enjoyment of every immunity and privilege, any alien, whom it might choose to incorporate into its own society, however repugnant such admission might be to their polity, conveniencies, and even prejudices. In effect every state possessed the power of naturalizing aliens in every other state; a power as mischievous in its nature, as it was indiscreet in its actual exercise. In one state, residence for a short time might, and did confer the rights of citizenship. In others, qualifications of greater importance were required. An alien, therefore, incapacitated for the possession of certain rights by the laws of the latter, might, by a previous residence and naturalization in the former, elude at pleasure all their salutary regulations for self-protection. Thus the laws of a single state were preposterously rendered paramount to the laws of all the others, even within their own jurisdiction.' And it has been remarked with equal truth and justice, that it was owing to mere casualty, that the exercise of this power under the confederation did not involve the Union in the most serious embarrassments. There is great wisdom, therefore, in confiding to the national government the power to establish a uniform rule of naturalization throughout the United States. It is of the deepest interest to the whole Union to know, who are entitled to enjoy the rights of citizens in each state, since they thereby, in effect, become entitled to the rights of citizens in all the states. If aliens might be admitted indiscriminately to enjoy all the rights of citizens at the will of a single state, the Union might itself be endangered by an influx of foreigners, hostile to its institutions, ignorant of its powers, and incapable of a due estimate of its privileges.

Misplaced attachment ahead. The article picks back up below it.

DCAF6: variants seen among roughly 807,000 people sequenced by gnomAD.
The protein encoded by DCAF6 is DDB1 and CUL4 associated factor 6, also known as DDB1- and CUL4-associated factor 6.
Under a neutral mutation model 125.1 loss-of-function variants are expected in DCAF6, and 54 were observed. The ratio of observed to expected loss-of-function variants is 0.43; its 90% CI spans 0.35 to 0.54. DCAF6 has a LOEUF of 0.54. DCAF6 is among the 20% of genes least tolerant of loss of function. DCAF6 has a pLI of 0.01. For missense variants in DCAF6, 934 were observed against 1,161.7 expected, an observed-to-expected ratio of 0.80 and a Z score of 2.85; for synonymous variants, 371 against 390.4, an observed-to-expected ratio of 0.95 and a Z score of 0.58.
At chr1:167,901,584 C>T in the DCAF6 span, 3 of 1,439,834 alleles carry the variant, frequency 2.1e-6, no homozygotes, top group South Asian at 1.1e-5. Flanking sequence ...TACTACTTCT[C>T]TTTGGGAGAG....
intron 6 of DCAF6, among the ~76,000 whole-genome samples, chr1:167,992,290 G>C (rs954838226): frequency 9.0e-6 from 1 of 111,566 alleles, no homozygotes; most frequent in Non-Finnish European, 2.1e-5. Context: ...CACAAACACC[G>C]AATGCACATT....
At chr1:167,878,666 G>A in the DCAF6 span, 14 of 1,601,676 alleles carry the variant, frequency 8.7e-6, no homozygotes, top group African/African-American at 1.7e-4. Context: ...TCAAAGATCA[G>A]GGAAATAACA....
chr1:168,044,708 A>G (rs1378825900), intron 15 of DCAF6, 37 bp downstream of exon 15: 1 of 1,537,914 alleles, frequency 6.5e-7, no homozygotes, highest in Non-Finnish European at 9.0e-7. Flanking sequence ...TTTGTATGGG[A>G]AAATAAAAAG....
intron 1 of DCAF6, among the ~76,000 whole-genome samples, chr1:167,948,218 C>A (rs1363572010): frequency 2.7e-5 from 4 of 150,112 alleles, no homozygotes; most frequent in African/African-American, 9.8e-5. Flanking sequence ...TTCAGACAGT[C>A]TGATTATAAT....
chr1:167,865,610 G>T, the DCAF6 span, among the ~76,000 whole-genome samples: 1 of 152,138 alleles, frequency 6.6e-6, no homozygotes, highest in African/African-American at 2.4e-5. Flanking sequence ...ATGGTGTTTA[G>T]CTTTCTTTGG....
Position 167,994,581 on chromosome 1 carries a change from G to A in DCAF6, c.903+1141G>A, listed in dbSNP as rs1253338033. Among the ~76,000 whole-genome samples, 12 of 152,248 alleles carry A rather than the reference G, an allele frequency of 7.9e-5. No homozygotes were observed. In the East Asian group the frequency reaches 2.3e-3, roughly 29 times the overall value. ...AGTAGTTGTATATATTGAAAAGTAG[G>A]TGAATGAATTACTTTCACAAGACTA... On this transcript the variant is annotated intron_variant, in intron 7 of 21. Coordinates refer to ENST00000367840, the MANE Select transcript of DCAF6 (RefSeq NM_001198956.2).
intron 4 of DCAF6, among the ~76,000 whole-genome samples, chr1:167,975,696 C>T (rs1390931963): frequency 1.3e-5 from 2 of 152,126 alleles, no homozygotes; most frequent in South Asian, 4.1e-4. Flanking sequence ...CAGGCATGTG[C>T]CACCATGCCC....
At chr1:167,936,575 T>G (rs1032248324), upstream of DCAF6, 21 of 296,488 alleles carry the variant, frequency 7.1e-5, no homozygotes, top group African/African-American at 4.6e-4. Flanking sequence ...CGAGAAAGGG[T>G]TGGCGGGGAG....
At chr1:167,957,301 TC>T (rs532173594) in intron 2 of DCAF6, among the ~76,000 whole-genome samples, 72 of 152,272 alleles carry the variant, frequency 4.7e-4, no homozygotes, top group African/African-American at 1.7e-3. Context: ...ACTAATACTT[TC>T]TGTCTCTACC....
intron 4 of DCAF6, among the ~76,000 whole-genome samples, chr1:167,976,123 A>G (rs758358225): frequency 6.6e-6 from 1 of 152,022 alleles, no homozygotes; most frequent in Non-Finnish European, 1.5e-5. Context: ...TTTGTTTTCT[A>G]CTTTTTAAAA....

1 The Federalist, No. 42. I